The Washington Post

President’s Day, by George

Rep. Frank Wolf (R-Va.) recently reintroduced a bill that would do away with the congressionally established Monday holiday (it’s set for the third Monday of the month) and instead designate it as Feb. 22 — George Washington’s actual birthday. (Alex Wong/Getty Images)

Did you enjoy that relaxing three-day weekend? Caught up on sleep, maybe sneaked in a movie or a few errands?

That’s no thanks to Rep. Frank Wolf (R-Va.), who’s playing the role of the Grinch Who Wants to Steal Presidents’ Day.

Al Kamen, an award-winning columnist on the national staff of The Washington Post, created the “In the Loop” column in 1993. View Archive

Wolf recently reintroduced a bill that would do away with the congressionally established Monday holiday (it’s set for the third Monday of the month) and instead designate it as Feb. 22 — George Washington’s actual birthday. This year, that date falls on a Friday, which means we’d still have a three-day weekend. But that won’t happen every year.

Wolf thinks that by celebrating on an arbitrary Monday, the American people are missing out on the chance to truly remember the life and legacy of our first president (who, like Wolf, hails from the Commonwealth).

He bemoaned many schoolkids’ ignorance on the subject. “Congress has unwittingly contributed to this lack of historical understanding by relegating Washington’s Birthday to the third Monday of February to take advantage of a three-day weekend,” Wolf said in a statement entered into the Congressional Record. “We need to change the focus from celebrating sales at the mall to celebrating the significance of President Washington’s birth to the birth of our nation.”

Wolf even trotted out endorsements of the idea from presidential scholar and author David McCullough and from Jim Rees, the executive director of Mount Vernon.

But what would happen to all those great Presidents’ Day deals on mattresses?

New blood

As key members of Team Obama move on, a new study finds that President Obama is beginning his second term with fewer than a third of the senior staff members who made up his original team — a level of turnover that’s pretty typical among modern second terms.

The report from the Brookings Institution shows that 71 percent of Obama’s “A-team” has left, compared with 78 percent for Ronald Reagan, 74 percent for Bill Clinton and 63 percent for George W. Bush.

The paper also examines the importance of senior staff to the president and the toll that turnover takes: “a loss of institutional memory, time lost hiring and orienting a successor, the disappearance of unique networking contacts.”

Most companies in the private sector would consider the typical White House turnover rates “unthinkable.”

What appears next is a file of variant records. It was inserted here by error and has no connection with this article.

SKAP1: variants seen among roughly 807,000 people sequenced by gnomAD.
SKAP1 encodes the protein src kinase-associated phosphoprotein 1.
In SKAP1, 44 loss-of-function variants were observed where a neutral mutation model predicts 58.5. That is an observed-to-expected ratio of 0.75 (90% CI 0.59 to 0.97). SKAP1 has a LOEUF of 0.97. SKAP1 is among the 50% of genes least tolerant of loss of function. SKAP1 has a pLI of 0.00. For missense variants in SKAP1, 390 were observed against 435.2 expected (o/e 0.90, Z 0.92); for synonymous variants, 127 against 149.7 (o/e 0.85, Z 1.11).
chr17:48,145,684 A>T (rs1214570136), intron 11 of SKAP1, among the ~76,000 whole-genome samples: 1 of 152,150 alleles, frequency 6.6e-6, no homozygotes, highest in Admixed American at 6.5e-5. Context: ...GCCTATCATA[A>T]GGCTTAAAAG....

But there’s a silver lining here, the author suggests. Second-term hiring affords the White House the chance to bring in new blood and fresh ideas. And it could assuage “disgruntled” constituencies by hiring from their ranks. “Repaying political debts could advance the president’s efforts to pursue a vigorous legislative agenda,” they write.

And finally, a bit of advice: in Obama’s second term, the paper assesses the president’s agenda and suggests that Team Obama recruit from Capitol Hill, which could “provide necessary expertise for the legislative battles that lie ahead. ”

Out of Africa, and back in

Democratic National Committee Executive Director Patrick Gaspard , former political director in the Obama White House, appears to be the administration’s pick to be the next ambassador to South Africa.

Gaspard, a major player in New York City politics — he was a campaign staffer for former mayor David Dinkins, for example — was a top operative of the Service Employees International Union and a political organizer.

He also was actively involved in organizing efforts in the 1980s and ’90s to topple South Africa’s apartheid regime. While in the White House, Gaspard, a Haitian American, was also a key player in U.S. relief efforts in Haiti after a powerful earthquake devastated the country three years ago.

Although he grew up in New York City, Gaspard was born in Zaire, now known as the Democratic Republic of the Congo, after his Haitian-born parents moved there for his father’s teaching job. The family moved to New York when he was 3.

Kerry on

Another longtime aide to Secretary of State John F. Kerry is taking a senior post at the State Department. David McKean is to be director of policy planning, a plum position created in 1947 by George F. Kennan and held in later years by foreign policy heavy hitters such as Paul H. Nitze, Mort Halperin and Richard N. Haass.

McKean became the Senate Foreign Relations Committee’s staff director when Kerry took over the committee in 2009 and was his Senate office chief of staff from 1999 to 2008. He left the committee in early 2011.

McKean was also CEO of the John F. Kennedy Library Foundation in Boston and has written three books on U.S. political history.

Last April, McKean become a senior adviser to then-Secretary of State Hillary Rodham Clinton for the Quadrennial Diplomacy and Development Review, assessing State Department operations. Ought to come in handy as Kerry takes over. And his long relationship with Kerry should enable him to provide candid advice — a valuable commodity in this town.

With Emily Heil

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